Maxed Out Credit Cards? Advice for Undoing the Damage

One of the worst parts about credit card debt is that, if you’re not careful, it can creep up on you:  You start out with the best intentions.  You plan to pay off your credit card in full every month.  You plan to treat your credit card like cash, and to use it responsibly, as a tool to help you build a solid credit history.

It’s so easy to use (and misuse!) credit cards, though.  Before you know it, you’re overspending and carrying a balance from month to month, and you’re using your card to cover gaps in your budget and pay for not-so-urgent “emergency” purchases.

And then one day, you realize that your card is completely maxed out.  This can be a rude awakening, especially if you haven’t been paying much attention to your growing balance.

If you have a maxed-out credit card, don’t panic!  It’s a less-than-ideal situation, but there are steps you can take to deal with your debt problem without making your situation – or your credit score – even worse:

  • Admit you have a spending problem. Unless it’s the result of a truly dire situation — like emergency hospital bills or major car/home repairs that can’t be postponed – your maxed-out credit card is a major red flag.  The first thing you should do is take a long, hard look at your spending habits.  Get out your credit card statement or log onto your account and check out your purchase history.  How did your card get maxed out?  What are you spending money on?  When did your balance start to get out of control?  The answers to these questions could help you pinpoint your weaknesses and create a plan to address them.
  • Tweak Your Budget to Maximize Your Payments. If your credit card is maxed out, your number one priority should be paying it off as soon as possible. And that means figuring out the maximum amount you can pay each month.  Figure out how much you need for necessities like rent and any other fixed monthly expenses.  Then, review your spending: Are there any areas you can trim down? Take a look at your monthly bills: Could you switch to a cheaper cell phone plan or cut out cable TV?  Anything you can save should go toward your maxed-out credit card.
  • Ask for a lower interest rate. There’s a good chance that if you’ve got a maxed-out credit card, this may not be an option.  But it never hurts to ask your credit card company for a lower rate.  The worst they can say is no.  And if you have a history of making payments on time and you haven’t maxed out your credit card previously, there’s a chance that you’ll get a break.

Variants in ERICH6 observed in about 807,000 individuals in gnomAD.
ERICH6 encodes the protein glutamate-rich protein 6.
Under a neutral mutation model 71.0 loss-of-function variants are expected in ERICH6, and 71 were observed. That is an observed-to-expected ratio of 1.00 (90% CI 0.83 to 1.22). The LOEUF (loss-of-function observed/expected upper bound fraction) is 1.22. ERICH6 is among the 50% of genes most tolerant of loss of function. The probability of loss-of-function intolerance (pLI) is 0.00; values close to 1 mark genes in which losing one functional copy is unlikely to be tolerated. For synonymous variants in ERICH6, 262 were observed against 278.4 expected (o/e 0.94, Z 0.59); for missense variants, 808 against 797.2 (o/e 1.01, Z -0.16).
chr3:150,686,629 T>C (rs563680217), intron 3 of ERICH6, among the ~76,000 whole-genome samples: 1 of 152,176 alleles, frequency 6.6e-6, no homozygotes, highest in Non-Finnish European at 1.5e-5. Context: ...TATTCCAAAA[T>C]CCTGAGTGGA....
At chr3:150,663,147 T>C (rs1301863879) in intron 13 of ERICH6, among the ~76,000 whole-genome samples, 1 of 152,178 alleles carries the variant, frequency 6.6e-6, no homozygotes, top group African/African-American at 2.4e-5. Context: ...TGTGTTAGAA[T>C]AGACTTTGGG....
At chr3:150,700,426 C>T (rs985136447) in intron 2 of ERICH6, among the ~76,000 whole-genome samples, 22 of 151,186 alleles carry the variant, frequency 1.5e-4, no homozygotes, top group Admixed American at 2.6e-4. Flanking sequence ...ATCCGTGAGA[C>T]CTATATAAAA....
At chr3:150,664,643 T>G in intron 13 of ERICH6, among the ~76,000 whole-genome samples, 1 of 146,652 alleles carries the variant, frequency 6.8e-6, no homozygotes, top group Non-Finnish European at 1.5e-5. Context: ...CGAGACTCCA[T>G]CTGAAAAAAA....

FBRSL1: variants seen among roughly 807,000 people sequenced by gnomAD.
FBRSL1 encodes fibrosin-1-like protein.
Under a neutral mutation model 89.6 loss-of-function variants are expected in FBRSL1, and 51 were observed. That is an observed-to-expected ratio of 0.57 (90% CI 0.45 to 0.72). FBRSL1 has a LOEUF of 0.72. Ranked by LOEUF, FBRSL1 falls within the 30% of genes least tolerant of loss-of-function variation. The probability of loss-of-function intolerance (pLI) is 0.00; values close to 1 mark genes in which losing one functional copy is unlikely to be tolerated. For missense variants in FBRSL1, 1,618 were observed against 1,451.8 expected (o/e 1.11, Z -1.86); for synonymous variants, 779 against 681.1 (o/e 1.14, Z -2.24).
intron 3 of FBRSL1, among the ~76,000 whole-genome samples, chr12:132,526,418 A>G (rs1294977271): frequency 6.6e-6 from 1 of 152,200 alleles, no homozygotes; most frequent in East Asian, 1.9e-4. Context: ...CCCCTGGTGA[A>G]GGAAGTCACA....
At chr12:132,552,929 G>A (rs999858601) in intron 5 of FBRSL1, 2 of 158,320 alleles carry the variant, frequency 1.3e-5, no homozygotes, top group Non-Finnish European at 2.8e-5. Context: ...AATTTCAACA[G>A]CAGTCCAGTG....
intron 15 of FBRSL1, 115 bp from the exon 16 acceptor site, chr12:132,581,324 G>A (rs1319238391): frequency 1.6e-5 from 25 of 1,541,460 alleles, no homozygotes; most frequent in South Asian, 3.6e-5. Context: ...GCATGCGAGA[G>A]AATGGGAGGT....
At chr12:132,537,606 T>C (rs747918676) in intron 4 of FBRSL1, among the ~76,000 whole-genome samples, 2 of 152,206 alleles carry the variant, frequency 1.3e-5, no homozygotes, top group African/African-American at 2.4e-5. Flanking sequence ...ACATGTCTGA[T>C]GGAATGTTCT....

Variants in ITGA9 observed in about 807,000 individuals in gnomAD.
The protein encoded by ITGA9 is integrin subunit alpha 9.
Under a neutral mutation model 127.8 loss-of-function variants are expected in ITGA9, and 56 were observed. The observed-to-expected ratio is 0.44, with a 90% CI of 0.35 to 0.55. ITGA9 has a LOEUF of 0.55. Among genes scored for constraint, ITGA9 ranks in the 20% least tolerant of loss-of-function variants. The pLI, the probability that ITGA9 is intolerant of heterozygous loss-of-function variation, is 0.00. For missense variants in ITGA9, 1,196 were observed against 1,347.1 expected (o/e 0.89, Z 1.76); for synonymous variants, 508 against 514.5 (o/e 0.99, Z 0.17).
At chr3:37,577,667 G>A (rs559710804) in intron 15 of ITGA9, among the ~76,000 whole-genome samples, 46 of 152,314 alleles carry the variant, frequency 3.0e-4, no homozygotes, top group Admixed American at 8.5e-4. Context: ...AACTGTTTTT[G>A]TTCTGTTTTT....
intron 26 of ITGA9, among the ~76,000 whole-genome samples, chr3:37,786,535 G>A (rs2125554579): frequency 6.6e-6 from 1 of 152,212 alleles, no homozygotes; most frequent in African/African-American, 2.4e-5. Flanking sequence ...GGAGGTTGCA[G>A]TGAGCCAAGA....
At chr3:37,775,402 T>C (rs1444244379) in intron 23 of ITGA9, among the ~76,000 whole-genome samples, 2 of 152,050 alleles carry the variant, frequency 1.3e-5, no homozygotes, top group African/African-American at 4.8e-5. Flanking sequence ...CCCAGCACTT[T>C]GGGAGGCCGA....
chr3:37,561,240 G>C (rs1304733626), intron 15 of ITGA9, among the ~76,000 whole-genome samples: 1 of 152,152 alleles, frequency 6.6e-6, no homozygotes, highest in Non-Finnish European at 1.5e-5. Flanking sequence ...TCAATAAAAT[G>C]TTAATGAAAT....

• Apply for a balance transfer (maybe). Again, depending on your overall credit history, you may not be eligible for a balance transfer.  But if your credit card company isn’t willing to lower your interest rate, it might be worth a try.  Most balance transfers offer super-low introductory rates for a set amount of time (usually six months or a year), which can help you take a bigger bite out of your balance.

A word of warning, though:  If you do get a balance transfer, don’t use it as an excuse to run up a new balance on the card you maxed out.  That’s how you got into trouble in the first place.

And speaking of running up a new balance . . .

  • Stop using your card. Whether you opt for a balance transfer or just decide to tighten your belt and double down on your credit card payments for a while, you’ll find that in a month or two you’ll have some wiggle room on that formerly maxed out credit card. Don’t use that wiggle room as a way to create more debt. If you don’t think you can resist the temptation to spend, consider cutting up or shredding your card.

A maxed-out credit card isn’t the best thing for your credit or your budget – but it doesn’t have to be the end of the world, either.  If you commit to paying as much as you can, and, more importantly, to changing your spending and credit habits, you’ll bounce back.

And remember, if you need information or advice about finances, savings, or how to pay off your maxed-out credit card, you can contact the Debt Guru team today for a free debt consultation.

Mike is the author of “Reality Millionaire: Proven Tips to Retire Rich” and he has been published in a variety of local and national publications including Entrepreneur Magazine, Deseret Morning News, LDS Living Magazine, and Physicians Money Digest. He holds a B.S. in business administration from the University of Phoenix.

Click "More" for important American Credit Foundation client transition information